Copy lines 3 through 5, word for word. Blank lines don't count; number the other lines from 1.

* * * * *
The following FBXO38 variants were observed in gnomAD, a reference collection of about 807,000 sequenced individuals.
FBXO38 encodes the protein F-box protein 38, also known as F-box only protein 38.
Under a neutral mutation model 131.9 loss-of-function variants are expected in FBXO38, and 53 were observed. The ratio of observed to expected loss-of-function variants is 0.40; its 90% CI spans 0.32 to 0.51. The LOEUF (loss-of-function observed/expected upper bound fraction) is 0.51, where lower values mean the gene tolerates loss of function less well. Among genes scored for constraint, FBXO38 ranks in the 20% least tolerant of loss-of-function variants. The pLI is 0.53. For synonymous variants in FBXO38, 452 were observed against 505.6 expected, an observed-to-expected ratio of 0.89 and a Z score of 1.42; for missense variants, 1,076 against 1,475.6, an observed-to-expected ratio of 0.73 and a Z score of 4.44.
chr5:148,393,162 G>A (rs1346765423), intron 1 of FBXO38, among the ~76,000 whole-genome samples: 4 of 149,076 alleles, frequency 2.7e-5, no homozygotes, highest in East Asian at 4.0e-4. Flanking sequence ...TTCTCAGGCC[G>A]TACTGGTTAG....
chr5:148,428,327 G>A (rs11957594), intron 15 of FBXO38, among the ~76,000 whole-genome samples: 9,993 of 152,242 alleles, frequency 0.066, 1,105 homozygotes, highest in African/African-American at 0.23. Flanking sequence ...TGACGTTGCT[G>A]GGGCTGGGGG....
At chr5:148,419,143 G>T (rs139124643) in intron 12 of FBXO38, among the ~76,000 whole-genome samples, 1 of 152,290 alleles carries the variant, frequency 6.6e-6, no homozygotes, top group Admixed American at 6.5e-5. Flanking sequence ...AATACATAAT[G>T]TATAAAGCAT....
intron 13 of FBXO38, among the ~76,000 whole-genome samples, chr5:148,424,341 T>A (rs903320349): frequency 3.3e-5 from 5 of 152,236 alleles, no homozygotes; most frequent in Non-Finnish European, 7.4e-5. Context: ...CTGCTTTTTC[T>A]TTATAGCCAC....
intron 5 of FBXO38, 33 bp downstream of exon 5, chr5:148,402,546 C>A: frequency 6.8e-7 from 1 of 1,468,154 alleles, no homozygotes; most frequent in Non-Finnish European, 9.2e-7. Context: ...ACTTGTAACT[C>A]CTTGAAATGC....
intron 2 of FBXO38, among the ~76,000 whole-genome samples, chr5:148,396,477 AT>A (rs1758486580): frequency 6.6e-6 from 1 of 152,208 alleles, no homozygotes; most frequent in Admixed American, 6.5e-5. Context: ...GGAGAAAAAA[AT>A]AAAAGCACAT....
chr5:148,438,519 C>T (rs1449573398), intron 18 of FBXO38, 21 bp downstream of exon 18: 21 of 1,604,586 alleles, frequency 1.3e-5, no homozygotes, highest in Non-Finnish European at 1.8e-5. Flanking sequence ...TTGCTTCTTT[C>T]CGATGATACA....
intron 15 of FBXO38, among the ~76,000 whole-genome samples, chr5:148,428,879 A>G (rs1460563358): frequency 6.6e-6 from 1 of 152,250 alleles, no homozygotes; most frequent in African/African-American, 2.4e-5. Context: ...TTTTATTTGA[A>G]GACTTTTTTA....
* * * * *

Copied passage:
Under a neutral mutation model 131.9 loss-of-function variants are expected in FBXO38, and 53 were observed. The ratio of observed to expected loss-of-function variants is 0.40; its 90% CI spans 0.32 to 0.51. The LOEUF (loss-of-function observed/expected upper bound fraction) is 0.51, where lower values mean the gene tolerates loss of function less well. Among genes scored for constraint, FBXO38 ranks in the 20% least tolerant of loss-of-function variants. The pLI is 0.53. For synonymous variants in FBXO38, 452 were observed against 505.6 expected, an observed-to-expected ratio of 0.89 and a Z score of 1.42; for missense variants, 1,076 against 1,475.6, an observed-to-expected ratio of 0.73 and a Z score of 4.44.
chr5:148,393,162 G>A (rs1346765423), intron 1 of FBXO38, among the ~76,000 whole-genome samples: 4 of 149,076 alleles, frequency 2.7e-5, no homozygotes, highest in East Asian at 4.0e-4. Flanking sequence ...TTCTCAGGCC[G>A]TACTGGTTAG....
chr5:148,428,327 G>A (rs11957594), intron 15 of FBXO38, among the ~76,000 whole-genome samples: 9,993 of 152,242 alleles, frequency 0.066, 1,105 homozygotes, highest in African/African-American at 0.23. Flanking sequence ...TGACGTTGCT[G>A]GGGCTGGGGG....